Academic journal article Brigham Young University Law Review

Patent Nationalism and the Case for a New U.S. Patent Working Requirement

Academic journal article Brigham Young University Law Review

Patent Nationalism and the Case for a New U.S. Patent Working Requirement

Article excerpt

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A patent is the grant of a monopoly over an invention. But a patent represents a quid pro quo. As the Supreme Court has explained, "The grant of an exclusive right to an invention was the creation of society - at odds with the inherent free nature of disclosed ideas - and was not to be freely given."1 In subjecting a patent monopoly over itself, the public gets something in return.

What the public should receive in return is a subject of endless debate. However, there has not been an urgent need in recent times to deeply examine the fundamental purpose of the U.S. patent system. After all, from the end of the Cold War to today, the United States undisputedly is the predominant global economic and inventive power. It seems silly to question whether the U.S. patent system is doing enough for the public when the United States is leading the world in technology and innovation.

But the competitors of the United States have been catching up. The 2017 edition of "Global Trends," a text prepared by the National Intelligence Council for the President every four years, provides this assessment of the United States in the changing global dynamics:

Economic, technological, and security trends are increasing the number of states that can exert geopolitical influence, bringing the unipolar post-Cold War period to a close. The economic progress of the past century has widened the number of states- Brazil, China, India, Indonesia, Iran, Mexico, and Turkey-with material claims to great and middle power status. . . . Even with profound uncertainties regarding the future of global economic growth, leading forecasters broadly agree that emerging market economies like China and India will contribute a much larger share of global GDP than is currently the case - shifting the focus of the world's economic activity eastward.2

The U.S. intelligence apparatus itself admits that the Pax Americana is at an end. Even now, the rivals of the United States are beginning to surpass the United States in terms of inventions and scientific research.3 The future promises only more challenges and competition for U.S. science and engineering.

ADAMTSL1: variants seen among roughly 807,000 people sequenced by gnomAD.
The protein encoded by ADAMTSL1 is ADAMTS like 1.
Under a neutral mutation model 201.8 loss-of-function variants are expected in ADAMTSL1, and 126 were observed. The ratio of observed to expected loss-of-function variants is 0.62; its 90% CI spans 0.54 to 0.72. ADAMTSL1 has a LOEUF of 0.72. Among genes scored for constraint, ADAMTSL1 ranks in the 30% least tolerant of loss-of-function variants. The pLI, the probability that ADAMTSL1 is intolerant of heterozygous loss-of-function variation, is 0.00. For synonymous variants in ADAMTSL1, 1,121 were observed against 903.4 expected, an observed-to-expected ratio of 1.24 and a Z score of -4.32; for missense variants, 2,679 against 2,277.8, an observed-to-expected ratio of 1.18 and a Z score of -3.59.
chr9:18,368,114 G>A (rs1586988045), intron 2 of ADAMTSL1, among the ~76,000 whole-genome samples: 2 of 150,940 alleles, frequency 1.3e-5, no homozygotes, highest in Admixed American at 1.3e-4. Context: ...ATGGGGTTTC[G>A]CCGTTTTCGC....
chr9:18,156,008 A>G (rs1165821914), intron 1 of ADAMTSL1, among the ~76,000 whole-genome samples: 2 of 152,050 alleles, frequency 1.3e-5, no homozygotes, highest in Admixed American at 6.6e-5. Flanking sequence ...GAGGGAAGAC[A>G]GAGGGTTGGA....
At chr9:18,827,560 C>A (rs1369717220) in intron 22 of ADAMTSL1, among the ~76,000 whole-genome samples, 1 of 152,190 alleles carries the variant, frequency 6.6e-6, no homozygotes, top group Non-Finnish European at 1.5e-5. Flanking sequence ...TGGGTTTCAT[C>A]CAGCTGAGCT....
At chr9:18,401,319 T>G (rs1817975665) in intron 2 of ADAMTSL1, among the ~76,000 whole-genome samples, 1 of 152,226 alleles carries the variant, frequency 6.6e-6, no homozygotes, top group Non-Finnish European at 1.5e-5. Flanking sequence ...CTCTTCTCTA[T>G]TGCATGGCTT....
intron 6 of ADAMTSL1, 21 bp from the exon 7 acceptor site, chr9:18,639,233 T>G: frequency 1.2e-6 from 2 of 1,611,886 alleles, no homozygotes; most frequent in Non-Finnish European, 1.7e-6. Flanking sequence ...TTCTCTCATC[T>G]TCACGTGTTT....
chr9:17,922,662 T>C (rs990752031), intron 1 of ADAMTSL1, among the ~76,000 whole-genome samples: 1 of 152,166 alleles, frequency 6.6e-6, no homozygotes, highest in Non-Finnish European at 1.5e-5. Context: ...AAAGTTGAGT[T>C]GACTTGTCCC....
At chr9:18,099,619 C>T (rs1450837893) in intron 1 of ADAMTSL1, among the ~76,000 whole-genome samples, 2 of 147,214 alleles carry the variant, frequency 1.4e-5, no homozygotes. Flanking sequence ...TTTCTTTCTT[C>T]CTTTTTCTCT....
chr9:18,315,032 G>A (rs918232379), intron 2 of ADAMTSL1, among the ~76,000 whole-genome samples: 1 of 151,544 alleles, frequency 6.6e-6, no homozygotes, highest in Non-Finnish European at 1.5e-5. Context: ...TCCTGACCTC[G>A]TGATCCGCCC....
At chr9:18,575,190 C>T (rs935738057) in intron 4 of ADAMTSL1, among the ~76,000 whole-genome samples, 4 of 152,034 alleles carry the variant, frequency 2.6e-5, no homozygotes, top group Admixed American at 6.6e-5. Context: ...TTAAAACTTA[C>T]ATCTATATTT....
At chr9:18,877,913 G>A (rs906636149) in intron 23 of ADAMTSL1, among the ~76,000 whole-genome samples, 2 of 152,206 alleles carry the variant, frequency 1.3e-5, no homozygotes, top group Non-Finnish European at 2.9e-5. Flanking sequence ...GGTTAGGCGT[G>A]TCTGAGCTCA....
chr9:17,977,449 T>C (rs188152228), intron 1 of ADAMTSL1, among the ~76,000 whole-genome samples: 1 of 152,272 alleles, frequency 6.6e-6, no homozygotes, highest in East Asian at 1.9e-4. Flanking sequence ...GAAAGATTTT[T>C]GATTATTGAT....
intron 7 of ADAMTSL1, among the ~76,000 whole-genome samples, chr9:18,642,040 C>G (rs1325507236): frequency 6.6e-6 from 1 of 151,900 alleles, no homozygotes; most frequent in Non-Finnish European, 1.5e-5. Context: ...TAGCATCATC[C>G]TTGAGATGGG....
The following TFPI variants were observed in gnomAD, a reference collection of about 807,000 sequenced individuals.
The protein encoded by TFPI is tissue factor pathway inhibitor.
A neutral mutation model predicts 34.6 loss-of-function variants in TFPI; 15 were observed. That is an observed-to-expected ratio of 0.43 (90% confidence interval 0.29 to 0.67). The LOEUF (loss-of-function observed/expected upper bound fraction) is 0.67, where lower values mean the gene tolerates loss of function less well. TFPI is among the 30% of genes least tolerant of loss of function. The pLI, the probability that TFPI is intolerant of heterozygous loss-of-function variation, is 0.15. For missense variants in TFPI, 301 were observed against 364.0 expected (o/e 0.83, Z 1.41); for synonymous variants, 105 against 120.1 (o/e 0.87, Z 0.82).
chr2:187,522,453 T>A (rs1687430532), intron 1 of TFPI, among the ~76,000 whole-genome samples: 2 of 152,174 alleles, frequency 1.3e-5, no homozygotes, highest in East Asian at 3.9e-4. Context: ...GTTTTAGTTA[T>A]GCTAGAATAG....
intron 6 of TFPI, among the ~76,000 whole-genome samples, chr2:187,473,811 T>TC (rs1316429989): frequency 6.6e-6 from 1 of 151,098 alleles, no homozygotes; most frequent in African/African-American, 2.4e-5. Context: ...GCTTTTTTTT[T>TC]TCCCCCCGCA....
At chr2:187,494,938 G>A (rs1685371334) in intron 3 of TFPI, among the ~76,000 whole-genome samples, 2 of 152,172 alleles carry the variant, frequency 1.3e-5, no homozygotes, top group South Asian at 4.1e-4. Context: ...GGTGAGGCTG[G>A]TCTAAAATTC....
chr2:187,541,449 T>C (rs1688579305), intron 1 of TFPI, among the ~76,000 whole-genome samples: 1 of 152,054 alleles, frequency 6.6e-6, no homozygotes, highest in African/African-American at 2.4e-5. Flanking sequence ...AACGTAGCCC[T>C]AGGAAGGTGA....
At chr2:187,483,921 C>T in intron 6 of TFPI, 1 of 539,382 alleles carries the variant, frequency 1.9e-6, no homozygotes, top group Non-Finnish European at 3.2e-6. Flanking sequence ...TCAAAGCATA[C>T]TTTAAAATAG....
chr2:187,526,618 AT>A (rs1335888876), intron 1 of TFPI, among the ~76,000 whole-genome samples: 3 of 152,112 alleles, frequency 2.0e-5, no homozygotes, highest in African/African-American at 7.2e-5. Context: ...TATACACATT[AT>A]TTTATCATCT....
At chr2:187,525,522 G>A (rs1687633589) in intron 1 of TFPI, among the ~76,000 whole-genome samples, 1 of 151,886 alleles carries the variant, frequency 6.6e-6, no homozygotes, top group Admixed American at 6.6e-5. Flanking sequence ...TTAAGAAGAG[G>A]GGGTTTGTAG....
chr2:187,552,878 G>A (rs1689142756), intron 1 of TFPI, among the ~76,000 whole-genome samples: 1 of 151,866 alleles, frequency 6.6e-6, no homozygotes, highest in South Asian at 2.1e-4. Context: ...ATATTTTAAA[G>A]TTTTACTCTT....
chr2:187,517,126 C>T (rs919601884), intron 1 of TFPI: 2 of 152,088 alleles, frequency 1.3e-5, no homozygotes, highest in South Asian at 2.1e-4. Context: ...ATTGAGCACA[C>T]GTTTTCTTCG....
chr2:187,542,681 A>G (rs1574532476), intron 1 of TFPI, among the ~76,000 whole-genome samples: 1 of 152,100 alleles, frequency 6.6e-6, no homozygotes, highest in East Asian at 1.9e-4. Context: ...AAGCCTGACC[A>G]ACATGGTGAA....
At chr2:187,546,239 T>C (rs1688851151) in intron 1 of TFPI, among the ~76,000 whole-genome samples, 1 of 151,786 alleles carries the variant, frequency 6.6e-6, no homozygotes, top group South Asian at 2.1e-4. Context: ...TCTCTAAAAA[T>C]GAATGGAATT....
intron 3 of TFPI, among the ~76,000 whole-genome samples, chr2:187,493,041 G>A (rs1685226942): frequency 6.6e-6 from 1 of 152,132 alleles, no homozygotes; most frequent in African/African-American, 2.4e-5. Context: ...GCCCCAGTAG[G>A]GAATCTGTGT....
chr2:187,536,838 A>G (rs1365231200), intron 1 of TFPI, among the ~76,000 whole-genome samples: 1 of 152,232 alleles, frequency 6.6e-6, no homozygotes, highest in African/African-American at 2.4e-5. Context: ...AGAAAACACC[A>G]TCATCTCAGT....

The reality is that the U.S. patent system, if left unchanged, will exact patent monopolies on Americans over an increasing number of inventions of which Americans play no part in their invention and play no part in their manufacture. And it is time to consider whether such a patent system is doing enough public good and, if it is not, what needs to be changed so that it can better serve the people of the United States.

This Article makes the case that, in view of the global dynamics, a new, robust working requirement should be introduced into U.S. patent law. The Article begins with an examination of the fundamental purposes that patent law should serve. After exploring the dominant justifications for the U.S. patent system and their deficiencies in light of these changing times, it proposes a return to the nationalistic conception of patent law as a means to develop the national economy and state of science and technology, as the Framers of the Constitution envisioned when they explicitly armed Congress with the power to promulgate a patent law.

This Article subsequently explains what a working requirement is through an exploration of the variants of the working requirement in foreign patent laws. it then sets forth how the particular species of working requirement that encourages the domestic manufacture of patented goods can help the U.S. patent system fulfill its original, intended function and how the working requirement may fit with the existing patent law and serve the industrial policy of the United States.

The final section of this Article fleshes out the working requirement with policy details. It analyzes how the working requirement should be structured to prevent abuse and presents a law and economics analysis as to when and how the working requirement can be applied. …

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